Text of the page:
Introduction to Psychology - 1st year

Introduction to general psychology as the science of the human mind and behavior. The course will examine the different models upon which modern psychology has been built, along with such things as the history and origins of psychology, research methods, biological aspects of psychology, human development, perception, consciousness, learning, personality theory, and psychological disorders.


By the end of the course, students will be able to:

1. Demonstrate understanding of the terminology used in psychology;

2. Identify research models and relate the findings of research to life situations;

3. Demonstrate understanding of the different theoretical approaches to psychology and be able to articulate the different assumptions behind them;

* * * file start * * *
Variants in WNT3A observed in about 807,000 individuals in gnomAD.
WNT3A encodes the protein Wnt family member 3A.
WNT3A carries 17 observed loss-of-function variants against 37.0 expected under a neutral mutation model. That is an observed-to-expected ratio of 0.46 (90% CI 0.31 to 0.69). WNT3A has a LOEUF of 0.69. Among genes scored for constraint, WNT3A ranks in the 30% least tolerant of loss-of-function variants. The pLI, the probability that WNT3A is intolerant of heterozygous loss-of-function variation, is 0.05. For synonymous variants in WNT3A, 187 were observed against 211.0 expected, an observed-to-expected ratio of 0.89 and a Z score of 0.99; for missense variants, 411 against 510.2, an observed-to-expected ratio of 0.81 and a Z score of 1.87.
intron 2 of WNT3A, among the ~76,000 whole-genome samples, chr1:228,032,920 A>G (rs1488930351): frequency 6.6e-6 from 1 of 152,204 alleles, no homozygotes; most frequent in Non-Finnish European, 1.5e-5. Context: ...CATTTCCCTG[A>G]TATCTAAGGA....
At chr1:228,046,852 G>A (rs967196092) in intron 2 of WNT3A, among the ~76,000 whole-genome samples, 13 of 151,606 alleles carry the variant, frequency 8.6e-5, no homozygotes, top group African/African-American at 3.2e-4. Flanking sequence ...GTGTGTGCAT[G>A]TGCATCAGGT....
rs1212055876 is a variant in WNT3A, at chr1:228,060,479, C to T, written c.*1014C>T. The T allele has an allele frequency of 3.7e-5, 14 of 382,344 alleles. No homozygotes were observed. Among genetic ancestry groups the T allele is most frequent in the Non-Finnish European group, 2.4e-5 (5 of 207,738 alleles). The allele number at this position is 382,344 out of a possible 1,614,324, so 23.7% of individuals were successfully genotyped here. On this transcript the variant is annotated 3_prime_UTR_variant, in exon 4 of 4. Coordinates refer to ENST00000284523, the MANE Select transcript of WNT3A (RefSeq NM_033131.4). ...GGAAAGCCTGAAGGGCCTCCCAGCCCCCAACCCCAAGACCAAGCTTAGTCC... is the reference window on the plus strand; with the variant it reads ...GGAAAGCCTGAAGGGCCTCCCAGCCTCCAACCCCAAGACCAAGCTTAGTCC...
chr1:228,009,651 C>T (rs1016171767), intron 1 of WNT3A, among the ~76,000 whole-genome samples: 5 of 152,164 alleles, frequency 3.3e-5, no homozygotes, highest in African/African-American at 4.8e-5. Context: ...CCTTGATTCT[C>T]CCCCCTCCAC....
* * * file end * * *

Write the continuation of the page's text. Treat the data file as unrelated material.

4. Apply psychology practically to problems confronting them in society;

5. Use psychological techniques to explain various aspects of human cognition and behavior;

6. Demonstrate understanding of the workings of their own consciousness, behavior, and Interpersonal relationships.


Course topics will include the following:

1. Introduction to psychology

2. Biology, sensation, and perception

3. States of consciousness

4. Learning

5. Memory

6. Cognition and learning

7. Intelligence

8. Motivation and Emotion

9. Psychology of development

10. Personality theory

11. Abnormal behavior

12. Psychotherapy

13. Social psychology and non-verbal behavior

14. Psychology of love and attraction

Method of Instruction:

1. Lectures

2. Class discussion

3. Small group discussion

4. Student presentations

5. Video

Types of Assignments:

1. Research papers based on library and/or field research on a topic selected in consultation with the professor

2. Student group in-class presentations of a topic selected in consultation with the professor

3. Exams

4. Small group discussions and in-class presentations of assigned topics

Sample Text:

1. Invitation to Psychology (C. Travers and C.P. Wade, 1999)

2. Study Guide for Invitation to Psychology (C. Travers and C.P. Wade, 1999)